The break between sets shall be maximised at "3+3" minutes meaning: (a) Warming up at the next sport has to commence within 3 minutes after the end of the previous set. (b) The next set has to commence within 6 minutes after the end of the previous set
c) Continuous play.
Play must be continuous at all times (as far as can be reasonably expected). Umpires and referees have the right to penalise players under the misconduct rule should they breach this.
2.6 No Coaching During Play
Coaching of players is permitted only during the breaks between sets and at the half time break within each set. Coaching does not include brief comments of encouragement between rallies that clearly have no effect on the continuity of play. The Referee shall decide whether comments are permissible encouragement or improper coaching. The use of external communication aids is prohibited. The Referee may penalise coaching in any form during play by applying the misconduct rule to the player being coached.
2.7 Conduct on Court
2.7.1 Misconduct penalties.
For any act of misconduct (as judged by the umpire) such as swearing, threatening behaviour, racket abuse, delaying or dangerous play, etc, the player shall be penalised as follows (on a per match basis):
a) 1st incident - warning
b) 2nd incident - player loses a point
c) 3rd incident - player loses the set
d) 4th incident - player loses the match and is disqualified from the tournament.
2.7.2 Line Calls Stand.
If a call is challenged and no judge or referee is present then the call stands and the challenger has to accept the call. The challenger may, of course, request a referee to preside for the rest of that set, if available.
a) 5 minutes once.
Each player is allowed one injury time-out per match of 5 minutes.
b) Stop bleeding.
In the event of bleeding the same rule as above applies, as long as bandages/plasters are readily available of course.
c) Extension at collision.
If any injury is the result of a collision with the opponent, the umpire may allow the player as much time as he needs, and if necessary, penalise either player.
Organisers should require that protective glasses are worn in the squash set in all classes but Elite.
3. Doubles Specific Rules
The rules of each sport and the singles rules above regulate most aspects of a doubles match. But some additions are necessary. These are the rules specific to doubles:
3.1 Players on Court
Both players of each pair must be on court for the table tennis, badminton and tennis. The exception is squash, which is played as singles.
3.2 Serving and Ends of Court.
The examples below refer to a match between Pair A (containing players A1 and A2) and Pair B (containing players B1 and B2), where the digit 1 denotes the players serving and receiving first (in the set) respectively.
b) The toss.
As in singles there is one single toss done before the match deciding which team starts to serve in each set and which team gets to decide what end to start playing at. Specific to doubles it is the team that starts serving that, in each set, decides which of the two players shall start serving. Likewise, it is the receiving side that decides which of the two players starts receiving. The receiving side may make their choice after they know who will serve. (This rule (b) regarding serving, receiving and ends of court apply to all sets except squash, see below.)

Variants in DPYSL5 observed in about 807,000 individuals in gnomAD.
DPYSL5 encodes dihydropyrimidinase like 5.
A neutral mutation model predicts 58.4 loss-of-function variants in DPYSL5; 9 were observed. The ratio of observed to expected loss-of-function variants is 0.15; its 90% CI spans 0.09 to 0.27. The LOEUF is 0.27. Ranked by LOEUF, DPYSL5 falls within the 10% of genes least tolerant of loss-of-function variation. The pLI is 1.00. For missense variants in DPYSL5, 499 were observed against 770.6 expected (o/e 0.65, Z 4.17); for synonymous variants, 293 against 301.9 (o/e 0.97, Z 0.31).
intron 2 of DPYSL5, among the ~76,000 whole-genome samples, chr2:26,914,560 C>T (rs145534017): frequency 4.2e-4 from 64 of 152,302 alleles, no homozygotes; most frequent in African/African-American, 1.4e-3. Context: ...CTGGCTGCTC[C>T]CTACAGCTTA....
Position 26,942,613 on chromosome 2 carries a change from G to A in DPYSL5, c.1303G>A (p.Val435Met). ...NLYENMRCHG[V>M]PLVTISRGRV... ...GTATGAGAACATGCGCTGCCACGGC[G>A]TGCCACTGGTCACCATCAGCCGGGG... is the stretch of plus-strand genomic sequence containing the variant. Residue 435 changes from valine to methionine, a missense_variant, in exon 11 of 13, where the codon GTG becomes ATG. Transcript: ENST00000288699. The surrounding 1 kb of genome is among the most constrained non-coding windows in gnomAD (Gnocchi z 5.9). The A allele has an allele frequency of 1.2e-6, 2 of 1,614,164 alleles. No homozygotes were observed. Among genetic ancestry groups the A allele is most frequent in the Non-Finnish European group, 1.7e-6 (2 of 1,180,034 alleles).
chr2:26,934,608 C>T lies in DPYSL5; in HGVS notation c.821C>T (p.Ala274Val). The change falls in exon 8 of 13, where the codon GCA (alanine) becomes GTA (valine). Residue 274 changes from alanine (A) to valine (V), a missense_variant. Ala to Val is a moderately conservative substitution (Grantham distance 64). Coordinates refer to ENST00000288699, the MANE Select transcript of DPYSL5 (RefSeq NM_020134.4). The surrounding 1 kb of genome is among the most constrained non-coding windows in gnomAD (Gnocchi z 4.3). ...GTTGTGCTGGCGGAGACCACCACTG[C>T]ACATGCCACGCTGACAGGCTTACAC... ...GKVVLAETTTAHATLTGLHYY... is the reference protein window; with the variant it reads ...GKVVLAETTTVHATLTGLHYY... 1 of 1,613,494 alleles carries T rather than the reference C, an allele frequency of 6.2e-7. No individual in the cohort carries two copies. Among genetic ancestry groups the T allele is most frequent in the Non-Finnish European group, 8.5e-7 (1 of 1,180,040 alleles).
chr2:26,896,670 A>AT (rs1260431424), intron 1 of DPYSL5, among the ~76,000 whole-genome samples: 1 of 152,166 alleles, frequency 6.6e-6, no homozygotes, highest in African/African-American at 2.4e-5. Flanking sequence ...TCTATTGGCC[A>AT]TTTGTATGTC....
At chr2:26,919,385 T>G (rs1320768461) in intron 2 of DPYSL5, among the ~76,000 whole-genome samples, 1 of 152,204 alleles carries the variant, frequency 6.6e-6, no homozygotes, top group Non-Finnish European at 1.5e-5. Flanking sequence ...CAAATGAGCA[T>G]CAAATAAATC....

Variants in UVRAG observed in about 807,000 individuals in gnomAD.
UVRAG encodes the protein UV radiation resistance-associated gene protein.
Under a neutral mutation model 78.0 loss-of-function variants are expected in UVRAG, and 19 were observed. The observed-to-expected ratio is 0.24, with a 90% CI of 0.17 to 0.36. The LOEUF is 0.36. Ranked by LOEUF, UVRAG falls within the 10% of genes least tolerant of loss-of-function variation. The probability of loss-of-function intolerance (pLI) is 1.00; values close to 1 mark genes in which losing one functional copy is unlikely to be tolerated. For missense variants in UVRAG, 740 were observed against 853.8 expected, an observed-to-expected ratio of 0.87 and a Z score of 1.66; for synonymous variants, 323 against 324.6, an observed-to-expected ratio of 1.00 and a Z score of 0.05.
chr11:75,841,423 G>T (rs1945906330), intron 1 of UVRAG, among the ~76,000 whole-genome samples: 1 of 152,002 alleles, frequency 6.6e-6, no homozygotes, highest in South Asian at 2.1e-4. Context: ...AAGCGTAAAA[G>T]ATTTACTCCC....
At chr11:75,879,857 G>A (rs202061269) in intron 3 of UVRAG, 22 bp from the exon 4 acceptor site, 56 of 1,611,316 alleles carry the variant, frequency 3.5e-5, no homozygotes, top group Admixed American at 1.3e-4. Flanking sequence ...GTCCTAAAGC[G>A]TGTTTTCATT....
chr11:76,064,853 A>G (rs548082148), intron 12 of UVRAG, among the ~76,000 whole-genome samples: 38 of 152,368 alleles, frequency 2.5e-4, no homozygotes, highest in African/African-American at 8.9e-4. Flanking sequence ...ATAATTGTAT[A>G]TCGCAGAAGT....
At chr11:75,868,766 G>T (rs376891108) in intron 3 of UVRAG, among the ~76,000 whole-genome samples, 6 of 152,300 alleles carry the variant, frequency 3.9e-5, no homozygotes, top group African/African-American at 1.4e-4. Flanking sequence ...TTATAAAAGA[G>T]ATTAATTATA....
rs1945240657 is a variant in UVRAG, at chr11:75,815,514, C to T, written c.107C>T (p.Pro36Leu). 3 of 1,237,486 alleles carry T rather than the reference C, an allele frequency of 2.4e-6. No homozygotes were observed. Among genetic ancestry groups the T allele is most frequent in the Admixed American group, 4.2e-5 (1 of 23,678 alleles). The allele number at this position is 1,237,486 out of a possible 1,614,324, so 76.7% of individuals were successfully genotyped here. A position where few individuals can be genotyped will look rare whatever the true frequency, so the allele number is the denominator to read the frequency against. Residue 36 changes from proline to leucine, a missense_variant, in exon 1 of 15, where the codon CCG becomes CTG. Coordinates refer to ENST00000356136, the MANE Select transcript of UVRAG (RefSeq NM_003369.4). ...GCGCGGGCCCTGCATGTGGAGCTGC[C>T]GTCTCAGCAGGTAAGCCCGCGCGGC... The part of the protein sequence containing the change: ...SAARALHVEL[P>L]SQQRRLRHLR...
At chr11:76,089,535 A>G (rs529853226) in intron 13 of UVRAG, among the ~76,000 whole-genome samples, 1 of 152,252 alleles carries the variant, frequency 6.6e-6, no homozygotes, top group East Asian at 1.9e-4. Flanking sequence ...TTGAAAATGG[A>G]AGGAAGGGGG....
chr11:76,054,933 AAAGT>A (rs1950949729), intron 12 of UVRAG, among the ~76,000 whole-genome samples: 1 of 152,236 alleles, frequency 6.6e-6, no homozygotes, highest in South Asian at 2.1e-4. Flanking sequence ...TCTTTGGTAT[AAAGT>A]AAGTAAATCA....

c) 2 serves each.
As in singles each serve game contains 2 serves, meaning that each server gets to serve twice before the right to serve moves over to the next server. With the exception of the extension after 20-20, where the serve switches hand after every point.
d) Right then left.
As in singles the first serve in each serve game is always from the right and the second from the left. Except in table tennis where the serves are always from the right as in standard table tennis doubles.
e) Table tennis.
The order of serving/receiving rotation in table tennis starts with A1 to B1, B1 to A2, A2 to B2, B2 to A1 and this cycle repeats itself until 11 is reached. At that stage the two players that are about to receive switch positions with each other and the cycle changes into A1 to B2, B2 to A2, A2 to B1, B1 to A1. (Note that the regular position switches only occur after each serve game and only on the side which has just been serving.)
The cycle for badminton serving is simply A1 - B1 - A2 - B2 throughout the set. The receiving is guided by the badminton rules that suggests that the players keep their positions except the serving side when the server moves to serve from the left side after having served from the right. This gives the following cycle: A1 to B1 then A1 to B2, B1 to A2 then B1 to A1, A2 to B2 then A2 to B1, B2 to A1 then B2 to A2. Which repeats itself without change until the end of the set.
As in badminton the cycle for serving in tennis is simply A1 - B1 - A2 - B2 throughout the set. As regards the receiving each team choose, at the beginning of the set, which player returns on the deuce court (i.e. forehand side for right handers) and ad court (i.e. backhand side for right handers) and this shall stay the same until the half time break at 11, at which time each of the teams has the option to switch or leave it unchanged. This shall then stay the same until the end of the set.